What Causes Bitter Cucumber

By Heather Rhoades

Cucumbers fresh from the garden are a treat, but occasionally, a gardener bites into a homegrown cucumber and thinks "my cucumber is bitter, why?" Understanding what causes bitter cucumber can help, so read here.

Leave Cucumber Plant Tendrils Attached

By Heather Rhoades

While they may look like tentacles, the thin, curly threads that come off the cucumber are actually natural and normal growths on you cucumber plant. These tendrils (not tentacles) should not be removed. Learn why here.

Tips For Growing Cucumbers

By Nikki Tilley, Author of The Bulb-o-licious Garden

Cucumbers are great for pickling, tossing in salads, or eating straight off the vine. Read this article to get tips for growing cucumbers in the garden and how to care for them to make the most of your harvest.


Cucumbers: Storage Tips to Keep Them Fresh

Summer is officially over but nobody has told our cucumbers they are producing better now than they did all summer! It is probably because we had such a hot summer this year. In contrast early autumn has been warm but not too hot so the vegetables are very happy!

We love eating fresh cucumbers but sometimes there are a few too many to handle. At the moment we are picking a couple of them every other day! We have had an oversupply of cucumbers other years too and we have found it hard to keep them fresh until they can be used or given away to family and friends.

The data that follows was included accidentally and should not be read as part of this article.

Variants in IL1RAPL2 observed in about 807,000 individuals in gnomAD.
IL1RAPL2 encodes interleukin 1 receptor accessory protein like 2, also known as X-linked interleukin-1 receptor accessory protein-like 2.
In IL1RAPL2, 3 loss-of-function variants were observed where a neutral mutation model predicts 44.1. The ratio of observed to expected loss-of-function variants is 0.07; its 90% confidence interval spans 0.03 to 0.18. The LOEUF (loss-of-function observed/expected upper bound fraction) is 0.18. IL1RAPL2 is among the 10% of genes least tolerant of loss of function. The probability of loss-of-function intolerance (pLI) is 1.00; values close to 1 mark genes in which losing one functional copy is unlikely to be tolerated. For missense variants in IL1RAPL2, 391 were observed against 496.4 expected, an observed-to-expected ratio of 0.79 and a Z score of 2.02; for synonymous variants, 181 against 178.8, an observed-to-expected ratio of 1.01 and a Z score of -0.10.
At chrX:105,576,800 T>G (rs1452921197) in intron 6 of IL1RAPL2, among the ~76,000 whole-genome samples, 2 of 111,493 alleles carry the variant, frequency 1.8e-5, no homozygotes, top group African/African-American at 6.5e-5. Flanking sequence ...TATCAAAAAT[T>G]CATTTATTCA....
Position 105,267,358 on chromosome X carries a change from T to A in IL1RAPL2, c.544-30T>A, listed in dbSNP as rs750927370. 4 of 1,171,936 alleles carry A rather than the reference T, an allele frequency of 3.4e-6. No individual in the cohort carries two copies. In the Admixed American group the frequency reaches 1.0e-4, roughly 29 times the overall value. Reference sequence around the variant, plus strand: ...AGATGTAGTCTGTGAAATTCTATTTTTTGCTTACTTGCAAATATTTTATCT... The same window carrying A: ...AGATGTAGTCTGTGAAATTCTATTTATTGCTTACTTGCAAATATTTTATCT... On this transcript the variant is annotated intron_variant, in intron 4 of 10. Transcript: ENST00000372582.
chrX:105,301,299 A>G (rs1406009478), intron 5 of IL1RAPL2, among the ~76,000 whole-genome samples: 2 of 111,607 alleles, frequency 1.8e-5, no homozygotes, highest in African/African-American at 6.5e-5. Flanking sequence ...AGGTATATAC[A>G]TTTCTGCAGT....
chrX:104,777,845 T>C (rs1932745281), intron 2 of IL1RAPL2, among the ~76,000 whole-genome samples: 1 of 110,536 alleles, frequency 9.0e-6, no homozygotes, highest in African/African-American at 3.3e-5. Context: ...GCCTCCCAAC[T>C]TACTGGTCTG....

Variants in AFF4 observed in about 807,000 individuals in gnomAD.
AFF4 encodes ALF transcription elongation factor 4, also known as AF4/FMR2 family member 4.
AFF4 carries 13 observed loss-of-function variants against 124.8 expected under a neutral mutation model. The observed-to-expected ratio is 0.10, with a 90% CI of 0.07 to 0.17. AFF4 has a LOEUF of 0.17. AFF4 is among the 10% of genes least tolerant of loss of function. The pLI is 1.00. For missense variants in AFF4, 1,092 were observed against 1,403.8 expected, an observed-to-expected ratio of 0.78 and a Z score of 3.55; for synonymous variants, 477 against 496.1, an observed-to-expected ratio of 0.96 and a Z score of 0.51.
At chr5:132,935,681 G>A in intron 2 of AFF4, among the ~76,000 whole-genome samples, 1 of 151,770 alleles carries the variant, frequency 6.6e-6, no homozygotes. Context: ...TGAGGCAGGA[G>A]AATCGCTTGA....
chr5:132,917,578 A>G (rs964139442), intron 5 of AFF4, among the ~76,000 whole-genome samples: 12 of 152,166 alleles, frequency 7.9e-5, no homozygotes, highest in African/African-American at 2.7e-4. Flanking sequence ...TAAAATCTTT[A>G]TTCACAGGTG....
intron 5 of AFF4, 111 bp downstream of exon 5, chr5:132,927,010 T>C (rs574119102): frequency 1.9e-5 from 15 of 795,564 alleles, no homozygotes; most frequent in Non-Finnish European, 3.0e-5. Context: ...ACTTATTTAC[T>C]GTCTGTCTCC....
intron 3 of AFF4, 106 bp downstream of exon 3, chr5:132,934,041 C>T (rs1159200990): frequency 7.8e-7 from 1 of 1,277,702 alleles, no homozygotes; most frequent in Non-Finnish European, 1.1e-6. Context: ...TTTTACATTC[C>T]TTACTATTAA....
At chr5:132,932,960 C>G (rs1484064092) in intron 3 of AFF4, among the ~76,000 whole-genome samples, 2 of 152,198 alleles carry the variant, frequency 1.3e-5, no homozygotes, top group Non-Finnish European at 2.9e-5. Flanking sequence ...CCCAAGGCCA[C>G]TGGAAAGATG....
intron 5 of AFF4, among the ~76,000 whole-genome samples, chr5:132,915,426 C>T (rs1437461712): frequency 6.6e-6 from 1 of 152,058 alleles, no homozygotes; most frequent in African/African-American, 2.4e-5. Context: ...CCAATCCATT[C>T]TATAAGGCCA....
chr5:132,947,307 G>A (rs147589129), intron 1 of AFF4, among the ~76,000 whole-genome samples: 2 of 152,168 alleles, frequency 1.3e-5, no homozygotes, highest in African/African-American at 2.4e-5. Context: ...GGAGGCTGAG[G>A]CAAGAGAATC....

Last year we tried wrapping them in plastic like how they wrap the long cucumbers at the supermarket. Then we stored them in the fridge but they didn’t keep very well. Actually they went all slimy – Yuk!

Apparently you are supposed to store your cucumbers at room temperature but ours always go soft and limp if we do that. This link suggests that they should be stored at around 55 °F (12 °C) but we don’t have any spots in our house that are that cool during summer! Because we don’t have a cool room we have no choice but to store ours in the refrigerator.

Earlier this year we found this article that discusses harvesting and storing cucumbers. It suggests that you wrap them in a towel and then put them in the fridge.

How We Are Storing Our Cucumbers To Keep Them Fresh For Longer!

  • Wrap each cucumber is a sheet of paper towel – try to cover as much of the outside of the cucumber as you can.
  • Now wrap the cucumber in plastic cling film and place it in the fridge.

Just remember that cucumbers don’t like to be too cold so it is best to keep them in one of the warmer sections of the fridge. We have found that storing them on a shelf near the front of the fridge is good.

This method has been very successful with cucumbers harvest over a week earlier still coming out nice and crisp and fresh. We have three or four in the fridge at the moment and there’s plenty more on the way. So now we can keep them fresh for our yummy salads!